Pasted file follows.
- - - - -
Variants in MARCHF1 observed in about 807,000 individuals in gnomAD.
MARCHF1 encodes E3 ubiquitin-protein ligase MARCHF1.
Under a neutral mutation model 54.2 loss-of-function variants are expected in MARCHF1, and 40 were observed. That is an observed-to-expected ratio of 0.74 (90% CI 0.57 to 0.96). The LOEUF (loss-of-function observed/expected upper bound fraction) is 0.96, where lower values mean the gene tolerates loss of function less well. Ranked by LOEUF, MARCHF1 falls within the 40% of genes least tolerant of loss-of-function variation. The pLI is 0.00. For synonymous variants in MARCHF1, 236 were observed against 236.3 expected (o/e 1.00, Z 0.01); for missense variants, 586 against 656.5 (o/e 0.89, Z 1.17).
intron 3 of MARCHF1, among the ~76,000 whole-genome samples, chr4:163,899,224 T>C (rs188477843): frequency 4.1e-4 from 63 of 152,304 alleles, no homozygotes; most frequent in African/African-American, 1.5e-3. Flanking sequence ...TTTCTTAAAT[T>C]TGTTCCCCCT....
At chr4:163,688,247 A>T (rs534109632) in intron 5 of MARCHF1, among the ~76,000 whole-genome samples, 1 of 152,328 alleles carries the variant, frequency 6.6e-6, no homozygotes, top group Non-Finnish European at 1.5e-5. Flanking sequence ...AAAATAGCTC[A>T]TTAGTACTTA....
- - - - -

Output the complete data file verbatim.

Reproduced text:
Variants in MARCHF1 observed in about 807,000 individuals in gnomAD.
MARCHF1 encodes E3 ubiquitin-protein ligase MARCHF1.
Under a neutral mutation model 54.2 loss-of-function variants are expected in MARCHF1, and 40 were observed. That is an observed-to-expected ratio of 0.74 (90% CI 0.57 to 0.96). The LOEUF (loss-of-function observed/expected upper bound fraction) is 0.96, where lower values mean the gene tolerates loss of function less well. Ranked by LOEUF, MARCHF1 falls within the 40% of genes least tolerant of loss-of-function variation. The pLI is 0.00. For synonymous variants in MARCHF1, 236 were observed against 236.3 expected (o/e 1.00, Z 0.01); for missense variants, 586 against 656.5 (o/e 0.89, Z 1.17).
intron 3 of MARCHF1, among the ~76,000 whole-genome samples, chr4:163,899,224 T>C (rs188477843): frequency 4.1e-4 from 63 of 152,304 alleles, no homozygotes; most frequent in African/African-American, 1.5e-3. Flanking sequence ...TTTCTTAAAT[T>C]TGTTCCCCCT....
At chr4:163,688,247 A>T (rs534109632) in intron 5 of MARCHF1, among the ~76,000 whole-genome samples, 1 of 152,328 alleles carries the variant, frequency 6.6e-6, no homozygotes, top group Non-Finnish European at 1.5e-5. Flanking sequence ...AAAATAGCTC[A>T]TTAGTACTTA....